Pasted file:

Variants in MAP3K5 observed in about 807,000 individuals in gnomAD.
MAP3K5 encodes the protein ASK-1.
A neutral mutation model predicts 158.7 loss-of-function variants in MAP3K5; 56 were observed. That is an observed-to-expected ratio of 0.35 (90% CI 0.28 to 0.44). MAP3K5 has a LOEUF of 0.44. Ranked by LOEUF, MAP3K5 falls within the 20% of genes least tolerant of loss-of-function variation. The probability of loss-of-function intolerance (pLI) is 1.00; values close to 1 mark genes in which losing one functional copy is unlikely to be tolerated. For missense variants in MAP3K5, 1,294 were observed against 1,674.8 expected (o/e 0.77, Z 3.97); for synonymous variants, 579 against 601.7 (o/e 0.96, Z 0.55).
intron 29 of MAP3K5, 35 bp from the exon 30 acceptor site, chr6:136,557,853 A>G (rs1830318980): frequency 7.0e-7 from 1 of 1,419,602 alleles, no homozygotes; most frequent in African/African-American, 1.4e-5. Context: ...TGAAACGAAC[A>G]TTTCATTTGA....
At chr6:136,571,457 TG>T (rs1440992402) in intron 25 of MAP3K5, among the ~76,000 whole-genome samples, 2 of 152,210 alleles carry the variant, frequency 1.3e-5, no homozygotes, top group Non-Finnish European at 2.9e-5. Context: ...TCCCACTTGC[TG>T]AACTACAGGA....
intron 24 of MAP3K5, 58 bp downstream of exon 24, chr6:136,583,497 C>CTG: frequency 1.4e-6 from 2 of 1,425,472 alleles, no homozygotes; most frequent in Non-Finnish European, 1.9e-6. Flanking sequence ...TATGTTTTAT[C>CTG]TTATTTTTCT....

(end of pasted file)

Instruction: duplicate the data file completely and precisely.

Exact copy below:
Variants in MAP3K5 observed in about 807,000 individuals in gnomAD.
MAP3K5 encodes the protein ASK-1.
A neutral mutation model predicts 158.7 loss-of-function variants in MAP3K5; 56 were observed. That is an observed-to-expected ratio of 0.35 (90% CI 0.28 to 0.44). MAP3K5 has a LOEUF of 0.44. Ranked by LOEUF, MAP3K5 falls within the 20% of genes least tolerant of loss-of-function variation. The probability of loss-of-function intolerance (pLI) is 1.00; values close to 1 mark genes in which losing one functional copy is unlikely to be tolerated. For missense variants in MAP3K5, 1,294 were observed against 1,674.8 expected (o/e 0.77, Z 3.97); for synonymous variants, 579 against 601.7 (o/e 0.96, Z 0.55).
intron 29 of MAP3K5, 35 bp from the exon 30 acceptor site, chr6:136,557,853 A>G (rs1830318980): frequency 7.0e-7 from 1 of 1,419,602 alleles, no homozygotes; most frequent in African/African-American, 1.4e-5. Context: ...TGAAACGAAC[A>G]TTTCATTTGA....
At chr6:136,571,457 TG>T (rs1440992402) in intron 25 of MAP3K5, among the ~76,000 whole-genome samples, 2 of 152,210 alleles carry the variant, frequency 1.3e-5, no homozygotes, top group Non-Finnish European at 2.9e-5. Context: ...TCCCACTTGC[TG>T]AACTACAGGA....
intron 24 of MAP3K5, 58 bp downstream of exon 24, chr6:136,583,497 C>CTG: frequency 1.4e-6 from 2 of 1,425,472 alleles, no homozygotes; most frequent in Non-Finnish European, 1.9e-6. Flanking sequence ...TATGTTTTAT[C>CTG]TTATTTTTCT....